Agriculture in Africa is set to grow; but continent’s infrastructure curbs food production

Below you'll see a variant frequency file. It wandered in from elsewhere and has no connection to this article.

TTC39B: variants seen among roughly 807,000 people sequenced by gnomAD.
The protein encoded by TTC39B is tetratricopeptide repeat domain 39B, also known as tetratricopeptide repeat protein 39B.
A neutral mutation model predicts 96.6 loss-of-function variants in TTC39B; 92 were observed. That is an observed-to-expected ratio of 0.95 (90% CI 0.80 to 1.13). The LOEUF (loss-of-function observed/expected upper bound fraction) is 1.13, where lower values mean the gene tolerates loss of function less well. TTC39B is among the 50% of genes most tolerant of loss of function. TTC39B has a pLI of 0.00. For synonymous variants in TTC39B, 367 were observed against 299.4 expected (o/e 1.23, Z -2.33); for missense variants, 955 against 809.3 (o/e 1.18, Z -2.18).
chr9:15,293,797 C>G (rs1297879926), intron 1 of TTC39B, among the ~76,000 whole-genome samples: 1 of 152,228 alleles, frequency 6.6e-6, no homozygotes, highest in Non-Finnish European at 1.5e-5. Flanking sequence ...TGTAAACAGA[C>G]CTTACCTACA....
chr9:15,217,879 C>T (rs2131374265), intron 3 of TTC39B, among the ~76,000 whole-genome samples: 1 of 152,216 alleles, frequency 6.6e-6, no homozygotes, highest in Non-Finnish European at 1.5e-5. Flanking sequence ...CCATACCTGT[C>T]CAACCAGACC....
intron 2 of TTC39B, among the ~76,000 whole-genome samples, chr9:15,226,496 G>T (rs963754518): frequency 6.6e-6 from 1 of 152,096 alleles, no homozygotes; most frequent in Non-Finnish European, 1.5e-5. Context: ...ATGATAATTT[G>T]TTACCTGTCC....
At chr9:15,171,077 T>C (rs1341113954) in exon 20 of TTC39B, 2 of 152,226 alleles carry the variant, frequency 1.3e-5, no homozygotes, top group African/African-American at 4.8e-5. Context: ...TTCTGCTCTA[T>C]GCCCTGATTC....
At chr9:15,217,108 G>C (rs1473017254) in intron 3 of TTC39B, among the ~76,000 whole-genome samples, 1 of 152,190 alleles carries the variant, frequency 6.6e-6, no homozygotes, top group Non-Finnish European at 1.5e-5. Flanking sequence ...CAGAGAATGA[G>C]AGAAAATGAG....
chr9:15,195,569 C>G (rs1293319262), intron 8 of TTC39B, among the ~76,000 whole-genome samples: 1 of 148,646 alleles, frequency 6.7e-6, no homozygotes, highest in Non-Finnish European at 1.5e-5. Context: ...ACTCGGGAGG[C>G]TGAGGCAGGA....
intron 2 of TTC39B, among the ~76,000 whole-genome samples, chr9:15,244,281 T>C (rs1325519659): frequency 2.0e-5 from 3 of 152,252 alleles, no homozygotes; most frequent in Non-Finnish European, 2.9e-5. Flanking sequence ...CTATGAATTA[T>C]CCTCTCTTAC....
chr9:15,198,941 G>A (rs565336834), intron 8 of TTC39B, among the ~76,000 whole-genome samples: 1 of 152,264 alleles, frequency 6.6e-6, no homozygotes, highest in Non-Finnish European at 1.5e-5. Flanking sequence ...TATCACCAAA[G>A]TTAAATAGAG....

Between 1997 and 1999, about 228-million hectares, or just 22%, of sub- Saharan Africa’s arable land was in use. On present estimates, by 2030 that figure will rise to 300-million hectares, or just 28% of the total. There is clearly room for Africa to grow more food. “The big constraint is infrastructure,” says Nick Vink, a professor of agricultural economics at Stellenbosch University. Particularly infrastructure for irrigation and its electricity, in addition to transport costs for foods produced, are the main constraints. In South Africa, for example, cheaper rail transport is monopolised by the mining industry, which makes food more expensive to produce. Read more here.


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